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January 2018

In 2013 the author Tracy Chevalier published a novel called The Last Runaway. Set in the 1850s, it tells the story of a young Quaker girl who leaves Dorset for America with her sister.  During the hazardous journey her sister dies, leaving Honor to make her own way in an unknown country.  One theme of the book is the underground railway which helped slaves to escape to freedom.  Another theme is quilting which was such a feature of American domestic life.

In order to immerse herself in her book’s subject matter, Tracy Chevalier taught herself to quilt and soon discovered a passion for sewing.  She went on to curate a quilt show in Bexleyheath and, as a result of that show, was contacted by the charity Fine Cell Work which teaches needlework to prisoners in UK prisons.  They invited Tracy to speak about her book and her quilts, and this led to 63 prisoners from Wandsworth prison working with her to design and make a quilt with the theme of sleep, each creating a ten-inch square for the finished quilt.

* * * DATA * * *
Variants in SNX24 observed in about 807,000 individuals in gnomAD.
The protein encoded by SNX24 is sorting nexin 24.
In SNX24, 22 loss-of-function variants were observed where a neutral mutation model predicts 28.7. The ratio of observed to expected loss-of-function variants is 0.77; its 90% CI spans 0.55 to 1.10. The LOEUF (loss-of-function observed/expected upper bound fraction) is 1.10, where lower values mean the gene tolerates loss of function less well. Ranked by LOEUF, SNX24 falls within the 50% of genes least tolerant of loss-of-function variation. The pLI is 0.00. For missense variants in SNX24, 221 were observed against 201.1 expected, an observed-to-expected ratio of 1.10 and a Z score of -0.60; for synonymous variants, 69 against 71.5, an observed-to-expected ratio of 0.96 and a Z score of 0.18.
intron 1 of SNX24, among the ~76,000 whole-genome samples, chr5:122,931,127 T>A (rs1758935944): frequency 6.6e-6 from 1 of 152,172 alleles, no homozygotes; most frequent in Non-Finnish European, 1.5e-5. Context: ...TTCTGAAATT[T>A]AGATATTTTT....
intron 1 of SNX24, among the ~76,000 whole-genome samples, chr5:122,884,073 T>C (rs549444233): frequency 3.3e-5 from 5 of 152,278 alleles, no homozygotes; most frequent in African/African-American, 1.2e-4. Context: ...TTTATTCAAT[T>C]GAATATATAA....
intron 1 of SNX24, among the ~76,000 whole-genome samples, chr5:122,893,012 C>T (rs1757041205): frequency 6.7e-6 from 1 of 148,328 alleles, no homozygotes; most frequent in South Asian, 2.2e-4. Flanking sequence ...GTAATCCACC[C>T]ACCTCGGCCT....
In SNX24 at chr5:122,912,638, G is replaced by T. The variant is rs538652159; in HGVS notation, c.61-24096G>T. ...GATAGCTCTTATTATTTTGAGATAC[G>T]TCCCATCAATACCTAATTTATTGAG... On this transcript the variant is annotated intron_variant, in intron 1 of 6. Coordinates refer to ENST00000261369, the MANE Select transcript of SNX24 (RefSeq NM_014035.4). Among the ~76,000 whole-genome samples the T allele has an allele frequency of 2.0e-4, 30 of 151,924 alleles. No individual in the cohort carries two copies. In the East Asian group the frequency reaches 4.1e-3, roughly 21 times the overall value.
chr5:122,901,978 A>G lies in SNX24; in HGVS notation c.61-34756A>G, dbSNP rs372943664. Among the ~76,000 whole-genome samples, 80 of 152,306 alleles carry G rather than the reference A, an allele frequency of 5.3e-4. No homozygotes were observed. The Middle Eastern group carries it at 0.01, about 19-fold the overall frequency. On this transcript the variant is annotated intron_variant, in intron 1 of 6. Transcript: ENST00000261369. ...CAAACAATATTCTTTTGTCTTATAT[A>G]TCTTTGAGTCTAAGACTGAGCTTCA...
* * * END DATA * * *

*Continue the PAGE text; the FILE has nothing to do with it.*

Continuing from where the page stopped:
In an article in The Guardian newspaper in October Tracey describes how the project turned out to be more therapeutic than she had first imagined: things came out, emotions came out. Sleep is quite contentious in prisons, and I hadn’t known that. But when we’re going to sleep, it’s often the time we think the most. For prisoners, things have gone wrong for them in their lives and that’s the time it comes out. That definitely came through in the quilt.” *

The finished quilt represents every possible emotion, together with the hopes, fears and dreams of those who created it.  A book called ‘The Sleep Quilt’** has now been published, funded by many individuals who believed in the value of the project.  It contains images of the squares and the words of those who sewed them.

We often think about learning a new skill or taking up a new hobby at the start of the year.  Tracey Chevalier did, discovering something hugely pleasurable and rewarding for herself, which also turned out to bring help and new life to those who needed it most.


* The Guardian, 18.10.17

** The Sleep Quilt by Tracey Chevalier and Katy Emck, published by Pallas Athene, Oct 2017

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